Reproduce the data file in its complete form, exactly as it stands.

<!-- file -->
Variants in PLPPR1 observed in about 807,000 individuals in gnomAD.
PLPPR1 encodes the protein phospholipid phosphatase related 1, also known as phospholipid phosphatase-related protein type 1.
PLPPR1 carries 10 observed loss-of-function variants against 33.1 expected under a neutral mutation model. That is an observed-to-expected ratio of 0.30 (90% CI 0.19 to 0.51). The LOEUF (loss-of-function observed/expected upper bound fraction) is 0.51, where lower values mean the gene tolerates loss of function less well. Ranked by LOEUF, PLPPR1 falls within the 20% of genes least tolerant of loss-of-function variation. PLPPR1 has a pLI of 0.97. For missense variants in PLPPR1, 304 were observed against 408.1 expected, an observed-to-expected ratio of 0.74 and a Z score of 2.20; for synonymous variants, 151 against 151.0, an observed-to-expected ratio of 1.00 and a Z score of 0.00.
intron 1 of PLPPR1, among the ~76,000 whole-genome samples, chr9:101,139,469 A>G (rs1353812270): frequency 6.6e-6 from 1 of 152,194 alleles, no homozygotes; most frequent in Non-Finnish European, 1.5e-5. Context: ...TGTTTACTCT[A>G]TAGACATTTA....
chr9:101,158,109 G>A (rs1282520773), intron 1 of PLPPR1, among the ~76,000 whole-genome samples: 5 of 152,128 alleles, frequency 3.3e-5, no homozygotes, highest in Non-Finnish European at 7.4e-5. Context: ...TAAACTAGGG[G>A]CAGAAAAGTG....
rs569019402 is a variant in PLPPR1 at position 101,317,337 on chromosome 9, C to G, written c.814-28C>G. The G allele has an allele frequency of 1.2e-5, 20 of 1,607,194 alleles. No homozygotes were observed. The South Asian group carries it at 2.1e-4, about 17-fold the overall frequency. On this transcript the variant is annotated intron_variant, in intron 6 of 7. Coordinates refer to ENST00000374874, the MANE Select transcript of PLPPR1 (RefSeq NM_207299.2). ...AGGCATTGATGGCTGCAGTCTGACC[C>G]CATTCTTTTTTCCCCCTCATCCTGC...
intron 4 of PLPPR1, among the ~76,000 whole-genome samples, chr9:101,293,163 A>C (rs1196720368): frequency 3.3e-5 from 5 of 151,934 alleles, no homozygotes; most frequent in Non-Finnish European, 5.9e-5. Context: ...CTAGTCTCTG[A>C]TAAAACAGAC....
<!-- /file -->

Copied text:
Variants in PLPPR1 observed in about 807,000 individuals in gnomAD.
PLPPR1 encodes the protein phospholipid phosphatase related 1, also known as phospholipid phosphatase-related protein type 1.
PLPPR1 carries 10 observed loss-of-function variants against 33.1 expected under a neutral mutation model. That is an observed-to-expected ratio of 0.30 (90% CI 0.19 to 0.51). The LOEUF (loss-of-function observed/expected upper bound fraction) is 0.51, where lower values mean the gene tolerates loss of function less well. Ranked by LOEUF, PLPPR1 falls within the 20% of genes least tolerant of loss-of-function variation. PLPPR1 has a pLI of 0.97. For missense variants in PLPPR1, 304 were observed against 408.1 expected, an observed-to-expected ratio of 0.74 and a Z score of 2.20; for synonymous variants, 151 against 151.0, an observed-to-expected ratio of 1.00 and a Z score of 0.00.
intron 1 of PLPPR1, among the ~76,000 whole-genome samples, chr9:101,139,469 A>G (rs1353812270): frequency 6.6e-6 from 1 of 152,194 alleles, no homozygotes; most frequent in Non-Finnish European, 1.5e-5. Context: ...TGTTTACTCT[A>G]TAGACATTTA....
chr9:101,158,109 G>A (rs1282520773), intron 1 of PLPPR1, among the ~76,000 whole-genome samples: 5 of 152,128 alleles, frequency 3.3e-5, no homozygotes, highest in Non-Finnish European at 7.4e-5. Context: ...TAAACTAGGG[G>A]CAGAAAAGTG....
rs569019402 is a variant in PLPPR1 at position 101,317,337 on chromosome 9, C to G, written c.814-28C>G. The G allele has an allele frequency of 1.2e-5, 20 of 1,607,194 alleles. No homozygotes were observed. The South Asian group carries it at 2.1e-4, about 17-fold the overall frequency. On this transcript the variant is annotated intron_variant, in intron 6 of 7. Coordinates refer to ENST00000374874, the MANE Select transcript of PLPPR1 (RefSeq NM_207299.2). ...AGGCATTGATGGCTGCAGTCTGACC[C>G]CATTCTTTTTTCCCCCTCATCCTGC...
intron 4 of PLPPR1, among the ~76,000 whole-genome samples, chr9:101,293,163 A>C (rs1196720368): frequency 3.3e-5 from 5 of 151,934 alleles, no homozygotes; most frequent in Non-Finnish European, 5.9e-5. Context: ...CTAGTCTCTG[A>C]TAAAACAGAC....